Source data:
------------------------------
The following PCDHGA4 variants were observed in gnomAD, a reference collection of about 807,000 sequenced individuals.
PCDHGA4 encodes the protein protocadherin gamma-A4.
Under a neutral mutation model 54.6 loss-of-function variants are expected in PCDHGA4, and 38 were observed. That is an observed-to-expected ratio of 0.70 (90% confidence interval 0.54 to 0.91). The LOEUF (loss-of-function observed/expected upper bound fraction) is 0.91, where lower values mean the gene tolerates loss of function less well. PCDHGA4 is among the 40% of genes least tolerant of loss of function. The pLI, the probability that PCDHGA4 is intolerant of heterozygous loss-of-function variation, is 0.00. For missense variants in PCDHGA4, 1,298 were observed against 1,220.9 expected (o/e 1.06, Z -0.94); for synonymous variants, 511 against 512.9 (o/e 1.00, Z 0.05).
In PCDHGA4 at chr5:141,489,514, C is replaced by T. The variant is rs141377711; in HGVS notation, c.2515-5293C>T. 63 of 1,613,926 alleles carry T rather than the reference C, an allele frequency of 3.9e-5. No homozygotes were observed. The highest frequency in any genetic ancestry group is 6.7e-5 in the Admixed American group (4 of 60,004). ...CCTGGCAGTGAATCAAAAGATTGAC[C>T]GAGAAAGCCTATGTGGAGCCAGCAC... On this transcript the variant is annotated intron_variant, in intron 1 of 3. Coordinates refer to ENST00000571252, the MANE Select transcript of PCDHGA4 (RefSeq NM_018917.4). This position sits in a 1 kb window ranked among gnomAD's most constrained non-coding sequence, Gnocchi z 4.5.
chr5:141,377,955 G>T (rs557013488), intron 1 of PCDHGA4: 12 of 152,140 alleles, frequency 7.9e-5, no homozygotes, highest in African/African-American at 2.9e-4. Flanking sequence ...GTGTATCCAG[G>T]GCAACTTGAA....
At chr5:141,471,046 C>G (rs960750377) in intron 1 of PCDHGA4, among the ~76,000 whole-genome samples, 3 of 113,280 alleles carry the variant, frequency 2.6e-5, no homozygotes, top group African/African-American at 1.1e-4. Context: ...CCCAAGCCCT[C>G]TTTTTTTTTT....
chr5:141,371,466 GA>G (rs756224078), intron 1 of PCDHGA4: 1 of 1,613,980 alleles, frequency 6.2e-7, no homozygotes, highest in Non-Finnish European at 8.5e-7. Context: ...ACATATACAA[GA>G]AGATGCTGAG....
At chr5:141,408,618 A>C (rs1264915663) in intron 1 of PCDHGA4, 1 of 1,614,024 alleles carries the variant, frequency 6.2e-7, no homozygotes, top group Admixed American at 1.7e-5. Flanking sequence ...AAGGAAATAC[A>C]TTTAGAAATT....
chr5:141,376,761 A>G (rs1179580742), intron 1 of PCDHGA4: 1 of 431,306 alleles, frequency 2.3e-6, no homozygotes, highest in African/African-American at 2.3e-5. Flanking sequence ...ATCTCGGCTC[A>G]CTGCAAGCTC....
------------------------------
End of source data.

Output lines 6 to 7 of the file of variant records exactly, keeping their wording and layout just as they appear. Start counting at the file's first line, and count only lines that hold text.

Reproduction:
At chr5:141,471,046 C>G (rs960750377) in intron 1 of PCDHGA4, among the ~76,000 whole-genome samples, 3 of 113,280 alleles carry the variant, frequency 2.6e-5, no homozygotes, top group African/African-American at 1.1e-4. Context: ...CCCAAGCCCT[C>G]TTTTTTTTTT....
chr5:141,371,466 GA>G (rs756224078), intron 1 of PCDHGA4: 1 of 1,613,980 alleles, frequency 6.2e-7, no homozygotes, highest in Non-Finnish European at 8.5e-7. Context: ...ACATATACAA[GA>G]AGATGCTGAG....